"What are you angry about?" This is a question that Larry Kramer, original AIDS activist and playwright, often asks — even now, in his 77th year. And if you're not angry about AIDS, maybe you will be after you see Kramer's The Normal Heart at Ensemble Theatre.
In many ways, this is an awkward play. It features scattered polemical diatribes, didactic explanations of the disease, and self-justifying rants by Kramer's avatar, Ned Weeks.
But it's all rescued by Kramer's insightful, piercingly personal details, as gay men struggle at the very beginning of the AIDS onslaught. And this battle is rendered with shattering believability by a strong Ensemble cast under the unerring direction of Sarah May.
The play begins in 1981, when the often volatile Ned is a mildly successful writer in his mid-forties. Some of his gay friends are coming down with a mysterious illness that is proving to be brutally and quickly fatal.
But even as the deaths mount, there is little concern in the gay community, which continues its free-love bathhouse indulgences. And that attitude is matched by silence in the media.
Gradually, Ned becomes more enraged, and begins organizing his friends, mailing leaflets and staging rallies to raise awareness of the disease that is stalking his community.
Along the way, Kramer skillfully weaves in multiple stories. One involves Ned's lawyer brother Ben (a nicely nuanced Jeffrey Grover), who loves Ned but has problems with his lifestyle. Another touches on the fiery and no-nonsense doctor, Emma Brookner, a paraplegic physician committed to treating AIDS patients.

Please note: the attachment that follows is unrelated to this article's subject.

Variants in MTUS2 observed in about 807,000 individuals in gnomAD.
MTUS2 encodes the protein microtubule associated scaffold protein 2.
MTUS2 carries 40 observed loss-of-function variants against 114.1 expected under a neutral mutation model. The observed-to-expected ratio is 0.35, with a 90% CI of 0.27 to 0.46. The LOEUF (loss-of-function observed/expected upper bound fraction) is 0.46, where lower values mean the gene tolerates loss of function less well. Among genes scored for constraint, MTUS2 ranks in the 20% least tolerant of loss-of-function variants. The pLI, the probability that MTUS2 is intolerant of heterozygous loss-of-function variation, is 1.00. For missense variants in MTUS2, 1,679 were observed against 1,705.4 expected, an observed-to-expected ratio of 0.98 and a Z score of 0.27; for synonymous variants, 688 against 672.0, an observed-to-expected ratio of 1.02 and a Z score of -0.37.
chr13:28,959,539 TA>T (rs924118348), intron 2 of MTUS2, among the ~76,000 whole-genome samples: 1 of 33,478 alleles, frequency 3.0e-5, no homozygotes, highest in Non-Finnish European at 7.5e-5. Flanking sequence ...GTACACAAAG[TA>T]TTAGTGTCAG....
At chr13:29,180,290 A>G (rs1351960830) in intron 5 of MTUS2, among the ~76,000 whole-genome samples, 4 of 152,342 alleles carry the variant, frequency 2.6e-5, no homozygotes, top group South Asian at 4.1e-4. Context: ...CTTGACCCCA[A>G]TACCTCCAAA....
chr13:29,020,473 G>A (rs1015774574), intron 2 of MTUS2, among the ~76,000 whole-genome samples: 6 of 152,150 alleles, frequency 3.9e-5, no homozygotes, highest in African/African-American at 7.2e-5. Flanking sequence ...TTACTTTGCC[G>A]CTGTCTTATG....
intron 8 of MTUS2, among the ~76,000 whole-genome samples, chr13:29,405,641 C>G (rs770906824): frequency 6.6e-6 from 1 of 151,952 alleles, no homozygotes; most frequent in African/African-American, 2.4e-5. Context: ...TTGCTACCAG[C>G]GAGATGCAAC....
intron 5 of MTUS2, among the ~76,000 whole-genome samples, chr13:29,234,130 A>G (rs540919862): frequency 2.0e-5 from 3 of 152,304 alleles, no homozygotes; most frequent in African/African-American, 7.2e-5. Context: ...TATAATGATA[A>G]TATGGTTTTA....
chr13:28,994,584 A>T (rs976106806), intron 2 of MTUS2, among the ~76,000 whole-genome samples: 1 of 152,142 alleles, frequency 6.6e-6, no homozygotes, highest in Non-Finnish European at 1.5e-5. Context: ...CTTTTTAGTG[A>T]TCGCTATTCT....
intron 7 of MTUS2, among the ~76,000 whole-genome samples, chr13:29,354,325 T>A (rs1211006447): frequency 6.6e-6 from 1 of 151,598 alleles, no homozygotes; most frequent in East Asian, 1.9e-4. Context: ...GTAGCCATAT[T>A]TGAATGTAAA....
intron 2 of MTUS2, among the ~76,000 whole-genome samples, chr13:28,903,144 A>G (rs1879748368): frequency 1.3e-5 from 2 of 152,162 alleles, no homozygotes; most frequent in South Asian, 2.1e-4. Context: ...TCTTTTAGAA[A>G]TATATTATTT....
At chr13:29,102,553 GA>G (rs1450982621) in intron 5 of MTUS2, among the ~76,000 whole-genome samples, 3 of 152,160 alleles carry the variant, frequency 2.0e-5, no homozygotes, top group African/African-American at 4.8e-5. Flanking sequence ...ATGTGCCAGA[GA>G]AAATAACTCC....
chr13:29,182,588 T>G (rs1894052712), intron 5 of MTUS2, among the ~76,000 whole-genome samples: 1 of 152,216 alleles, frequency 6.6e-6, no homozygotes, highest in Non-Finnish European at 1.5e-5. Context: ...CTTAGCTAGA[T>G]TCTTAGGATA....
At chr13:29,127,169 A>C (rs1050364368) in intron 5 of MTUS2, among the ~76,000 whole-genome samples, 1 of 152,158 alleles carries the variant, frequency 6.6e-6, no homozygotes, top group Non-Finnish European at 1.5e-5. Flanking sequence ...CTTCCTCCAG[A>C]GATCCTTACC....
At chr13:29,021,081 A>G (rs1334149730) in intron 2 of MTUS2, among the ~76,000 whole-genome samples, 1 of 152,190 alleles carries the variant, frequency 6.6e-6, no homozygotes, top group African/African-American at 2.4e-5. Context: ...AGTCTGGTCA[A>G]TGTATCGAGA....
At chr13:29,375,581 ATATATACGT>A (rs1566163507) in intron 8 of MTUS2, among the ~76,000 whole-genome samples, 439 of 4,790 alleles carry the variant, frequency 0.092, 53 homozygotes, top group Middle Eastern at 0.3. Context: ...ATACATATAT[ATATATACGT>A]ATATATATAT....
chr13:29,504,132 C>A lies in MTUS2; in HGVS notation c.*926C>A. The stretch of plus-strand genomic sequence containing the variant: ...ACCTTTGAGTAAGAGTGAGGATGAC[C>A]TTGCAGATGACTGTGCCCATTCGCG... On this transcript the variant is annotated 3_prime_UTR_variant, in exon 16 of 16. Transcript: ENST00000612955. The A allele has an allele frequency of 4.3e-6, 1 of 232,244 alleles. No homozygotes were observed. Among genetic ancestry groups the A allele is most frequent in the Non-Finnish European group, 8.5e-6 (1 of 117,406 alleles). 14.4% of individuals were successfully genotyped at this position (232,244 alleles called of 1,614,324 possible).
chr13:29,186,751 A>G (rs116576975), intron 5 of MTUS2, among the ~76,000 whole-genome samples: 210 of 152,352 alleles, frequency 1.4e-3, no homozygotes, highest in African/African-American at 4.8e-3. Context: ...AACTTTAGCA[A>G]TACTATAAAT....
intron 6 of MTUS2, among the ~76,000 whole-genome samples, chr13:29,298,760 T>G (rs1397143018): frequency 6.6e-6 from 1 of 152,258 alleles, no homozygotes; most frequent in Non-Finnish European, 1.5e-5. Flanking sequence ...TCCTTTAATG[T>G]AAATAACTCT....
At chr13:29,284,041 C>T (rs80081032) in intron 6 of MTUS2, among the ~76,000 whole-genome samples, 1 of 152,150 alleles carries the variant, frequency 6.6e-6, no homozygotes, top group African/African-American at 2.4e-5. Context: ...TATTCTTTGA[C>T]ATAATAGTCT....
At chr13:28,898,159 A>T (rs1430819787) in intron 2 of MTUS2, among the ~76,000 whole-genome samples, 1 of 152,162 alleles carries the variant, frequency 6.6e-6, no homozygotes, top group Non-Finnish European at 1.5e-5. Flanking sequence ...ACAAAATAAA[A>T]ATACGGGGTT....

The most telling relationship is Ned's romance with Felix Turner (an exceptionally affecting Scott Esposito), the editor of the Style section of the New York Times. Sartorial and temperamental opposites, Ned and Felix become an item. But their future becomes clouded when Felix finds a purple spot on his foot.
In the role of Ned/Larry, Brian Zoldessy is a rumpled, slouching, mumbling tour de force. Calm and understanding at times, his Ned flares whenever he detects deceit or unfairness.
This tendency eventually exhausts his friends and fellow activists, who chafe under Ned's uncompromising leadership. The combination of Ned's single-mindedness and society's callous disregard erupt in several small heartbreaking soliloquies.
Mickey is a government worker who is volunteering for Ned's group, but he burns out in a deeply felt monologue delivered with raw honesty by Dan Kilbane.
The president of the protest organization, Bruce Niles (David Bugher), is the political flipside of Ned, deferential and closeted. But when Bruce loses his third partner to AIDS and describes his lover's horrific last hours, Burgher's searing intensity is devastating.
A vigor of a different kind is displayed by Derdriu Ring as Dr. Brookner. Her confrontation with a federal official over research funding for AIDS is scathing in its outrage.
Of course, you may ask why it is necessary to see all this anger now.
At the Republican National Convention in 1992, a suburban mom named Mary Fisher addressed the delegates about AIDS, which she had contracted from her husband. "I am one with the lonely gay man sheltering a flickering candle from the cold wind of his family's rejection."
Can you even imagine such a thought being expressed by a speaker for today's Republican Party? The ignorance and hostility that haunted AIDS in the '80s may be muted. But to paraphrase Bertolt Brecht, "the bitch that bore them is in heat again."
Get angry. Get to Ensemble Theatre.